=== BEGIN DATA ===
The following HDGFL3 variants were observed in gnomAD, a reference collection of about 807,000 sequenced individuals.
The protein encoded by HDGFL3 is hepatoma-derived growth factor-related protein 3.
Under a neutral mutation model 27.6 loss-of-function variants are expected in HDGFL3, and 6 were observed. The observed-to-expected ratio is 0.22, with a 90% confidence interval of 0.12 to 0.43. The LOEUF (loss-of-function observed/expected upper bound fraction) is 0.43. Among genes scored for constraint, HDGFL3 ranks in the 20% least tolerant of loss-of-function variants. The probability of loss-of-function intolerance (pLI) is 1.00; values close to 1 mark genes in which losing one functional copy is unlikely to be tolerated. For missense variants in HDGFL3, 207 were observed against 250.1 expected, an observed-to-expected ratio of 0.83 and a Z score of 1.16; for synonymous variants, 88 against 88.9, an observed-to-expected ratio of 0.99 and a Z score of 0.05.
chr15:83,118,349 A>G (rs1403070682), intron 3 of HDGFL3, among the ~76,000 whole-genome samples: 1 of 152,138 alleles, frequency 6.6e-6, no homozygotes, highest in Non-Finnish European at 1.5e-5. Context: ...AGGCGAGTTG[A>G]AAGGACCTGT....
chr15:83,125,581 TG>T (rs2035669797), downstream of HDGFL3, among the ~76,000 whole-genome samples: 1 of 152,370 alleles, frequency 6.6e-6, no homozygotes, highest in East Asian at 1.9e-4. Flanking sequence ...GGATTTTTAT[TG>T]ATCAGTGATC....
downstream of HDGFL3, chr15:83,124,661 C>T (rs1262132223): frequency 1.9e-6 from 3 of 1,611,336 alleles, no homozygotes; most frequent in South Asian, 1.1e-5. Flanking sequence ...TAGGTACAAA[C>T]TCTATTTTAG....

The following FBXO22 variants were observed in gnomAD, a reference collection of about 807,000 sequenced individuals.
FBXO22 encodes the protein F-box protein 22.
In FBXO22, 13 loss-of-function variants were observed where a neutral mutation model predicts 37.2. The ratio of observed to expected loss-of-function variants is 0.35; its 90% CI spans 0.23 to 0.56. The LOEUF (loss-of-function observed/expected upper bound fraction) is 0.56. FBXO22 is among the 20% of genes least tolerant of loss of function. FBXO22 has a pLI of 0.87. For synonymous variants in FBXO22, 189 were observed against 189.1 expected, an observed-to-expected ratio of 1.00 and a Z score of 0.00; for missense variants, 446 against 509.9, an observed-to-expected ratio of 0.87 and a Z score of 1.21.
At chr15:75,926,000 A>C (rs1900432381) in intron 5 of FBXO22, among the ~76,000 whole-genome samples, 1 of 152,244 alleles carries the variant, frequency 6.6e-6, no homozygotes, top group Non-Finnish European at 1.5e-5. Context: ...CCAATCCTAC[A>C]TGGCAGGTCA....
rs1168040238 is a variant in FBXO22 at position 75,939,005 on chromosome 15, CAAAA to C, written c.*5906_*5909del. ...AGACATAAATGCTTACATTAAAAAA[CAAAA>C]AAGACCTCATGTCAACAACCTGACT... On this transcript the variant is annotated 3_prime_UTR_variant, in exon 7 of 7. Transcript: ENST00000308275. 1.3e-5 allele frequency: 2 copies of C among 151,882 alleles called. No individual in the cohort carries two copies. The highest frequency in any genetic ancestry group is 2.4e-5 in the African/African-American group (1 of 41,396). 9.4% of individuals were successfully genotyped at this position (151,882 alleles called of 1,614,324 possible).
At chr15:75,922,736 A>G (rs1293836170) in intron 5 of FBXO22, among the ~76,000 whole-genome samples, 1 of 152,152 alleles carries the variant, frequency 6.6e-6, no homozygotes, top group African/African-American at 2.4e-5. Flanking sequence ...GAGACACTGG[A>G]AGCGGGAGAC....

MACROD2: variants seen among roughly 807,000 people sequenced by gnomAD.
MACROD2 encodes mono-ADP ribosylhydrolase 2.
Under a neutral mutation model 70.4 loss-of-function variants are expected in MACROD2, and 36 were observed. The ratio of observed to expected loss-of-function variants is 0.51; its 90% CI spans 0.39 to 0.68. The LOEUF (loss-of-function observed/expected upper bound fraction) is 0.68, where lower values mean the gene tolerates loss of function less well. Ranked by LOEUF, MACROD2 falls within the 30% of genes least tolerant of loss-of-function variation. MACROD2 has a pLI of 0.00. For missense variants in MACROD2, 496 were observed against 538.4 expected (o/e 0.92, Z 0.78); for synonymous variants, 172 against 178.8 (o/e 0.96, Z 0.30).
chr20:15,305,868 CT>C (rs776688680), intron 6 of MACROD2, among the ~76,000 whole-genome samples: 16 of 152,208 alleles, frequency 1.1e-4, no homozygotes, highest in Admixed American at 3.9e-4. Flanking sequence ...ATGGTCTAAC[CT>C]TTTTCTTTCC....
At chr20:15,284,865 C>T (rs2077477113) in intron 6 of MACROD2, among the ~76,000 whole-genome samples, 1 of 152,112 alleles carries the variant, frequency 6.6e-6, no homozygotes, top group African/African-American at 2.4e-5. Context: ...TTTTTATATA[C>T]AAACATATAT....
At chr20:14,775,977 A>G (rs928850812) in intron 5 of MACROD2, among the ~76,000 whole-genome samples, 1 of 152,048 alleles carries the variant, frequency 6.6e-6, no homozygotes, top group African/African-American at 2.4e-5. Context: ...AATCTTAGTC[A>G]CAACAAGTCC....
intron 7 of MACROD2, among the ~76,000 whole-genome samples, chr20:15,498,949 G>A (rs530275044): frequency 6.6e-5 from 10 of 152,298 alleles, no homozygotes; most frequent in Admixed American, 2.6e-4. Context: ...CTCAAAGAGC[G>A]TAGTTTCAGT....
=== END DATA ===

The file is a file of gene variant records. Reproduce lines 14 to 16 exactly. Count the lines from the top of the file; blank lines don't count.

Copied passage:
MACROD2 encodes mono-ADP ribosylhydrolase 2.
Under a neutral mutation model 70.4 loss-of-function variants are expected in MACROD2, and 36 were observed. The ratio of observed to expected loss-of-function variants is 0.51; its 90% CI spans 0.39 to 0.68. The LOEUF (loss-of-function observed/expected upper bound fraction) is 0.68, where lower values mean the gene tolerates loss of function less well. Ranked by LOEUF, MACROD2 falls within the 30% of genes least tolerant of loss-of-function variation. MACROD2 has a pLI of 0.00. For missense variants in MACROD2, 496 were observed against 538.4 expected (o/e 0.92, Z 0.78); for synonymous variants, 172 against 178.8 (o/e 0.96, Z 0.30).
chr20:15,305,868 CT>C (rs776688680), intron 6 of MACROD2, among the ~76,000 whole-genome samples: 16 of 152,208 alleles, frequency 1.1e-4, no homozygotes, highest in Admixed American at 3.9e-4. Flanking sequence ...ATGGTCTAAC[CT>C]TTTTCTTTCC....